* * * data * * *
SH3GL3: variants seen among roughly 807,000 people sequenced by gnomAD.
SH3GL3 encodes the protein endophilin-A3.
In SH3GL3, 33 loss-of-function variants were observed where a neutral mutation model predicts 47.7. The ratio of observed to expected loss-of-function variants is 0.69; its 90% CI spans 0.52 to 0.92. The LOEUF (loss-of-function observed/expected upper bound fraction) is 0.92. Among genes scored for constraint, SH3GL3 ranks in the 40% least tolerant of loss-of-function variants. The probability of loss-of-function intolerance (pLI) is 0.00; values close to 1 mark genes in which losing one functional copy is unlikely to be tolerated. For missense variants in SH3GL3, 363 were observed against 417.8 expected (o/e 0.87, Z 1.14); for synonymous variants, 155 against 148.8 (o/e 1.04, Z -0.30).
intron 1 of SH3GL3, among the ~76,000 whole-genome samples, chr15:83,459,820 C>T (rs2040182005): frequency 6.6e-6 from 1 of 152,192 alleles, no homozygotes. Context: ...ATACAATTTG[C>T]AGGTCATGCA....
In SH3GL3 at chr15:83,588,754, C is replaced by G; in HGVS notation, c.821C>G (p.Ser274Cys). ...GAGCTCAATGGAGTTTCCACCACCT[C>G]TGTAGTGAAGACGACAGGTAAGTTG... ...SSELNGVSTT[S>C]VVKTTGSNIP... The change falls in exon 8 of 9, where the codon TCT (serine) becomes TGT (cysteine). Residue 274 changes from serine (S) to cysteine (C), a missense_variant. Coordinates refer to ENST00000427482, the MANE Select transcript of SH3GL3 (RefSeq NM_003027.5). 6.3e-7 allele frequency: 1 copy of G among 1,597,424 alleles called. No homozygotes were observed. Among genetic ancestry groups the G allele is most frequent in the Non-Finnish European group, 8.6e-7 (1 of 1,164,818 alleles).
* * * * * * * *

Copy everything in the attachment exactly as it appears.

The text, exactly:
SH3GL3: variants seen among roughly 807,000 people sequenced by gnomAD.
SH3GL3 encodes the protein endophilin-A3.
In SH3GL3, 33 loss-of-function variants were observed where a neutral mutation model predicts 47.7. The ratio of observed to expected loss-of-function variants is 0.69; its 90% CI spans 0.52 to 0.92. The LOEUF (loss-of-function observed/expected upper bound fraction) is 0.92. Among genes scored for constraint, SH3GL3 ranks in the 40% least tolerant of loss-of-function variants. The probability of loss-of-function intolerance (pLI) is 0.00; values close to 1 mark genes in which losing one functional copy is unlikely to be tolerated. For missense variants in SH3GL3, 363 were observed against 417.8 expected (o/e 0.87, Z 1.14); for synonymous variants, 155 against 148.8 (o/e 1.04, Z -0.30).
intron 1 of SH3GL3, among the ~76,000 whole-genome samples, chr15:83,459,820 C>T (rs2040182005): frequency 6.6e-6 from 1 of 152,192 alleles, no homozygotes. Context: ...ATACAATTTG[C>T]AGGTCATGCA....
In SH3GL3 at chr15:83,588,754, C is replaced by G; in HGVS notation, c.821C>G (p.Ser274Cys). ...GAGCTCAATGGAGTTTCCACCACCT[C>G]TGTAGTGAAGACGACAGGTAAGTTG... ...SSELNGVSTT[S>C]VVKTTGSNIP... The change falls in exon 8 of 9, where the codon TCT (serine) becomes TGT (cysteine). Residue 274 changes from serine (S) to cysteine (C), a missense_variant. Coordinates refer to ENST00000427482, the MANE Select transcript of SH3GL3 (RefSeq NM_003027.5). 6.3e-7 allele frequency: 1 copy of G among 1,597,424 alleles called. No homozygotes were observed. Among genetic ancestry groups the G allele is most frequent in the Non-Finnish European group, 8.6e-7 (1 of 1,164,818 alleles).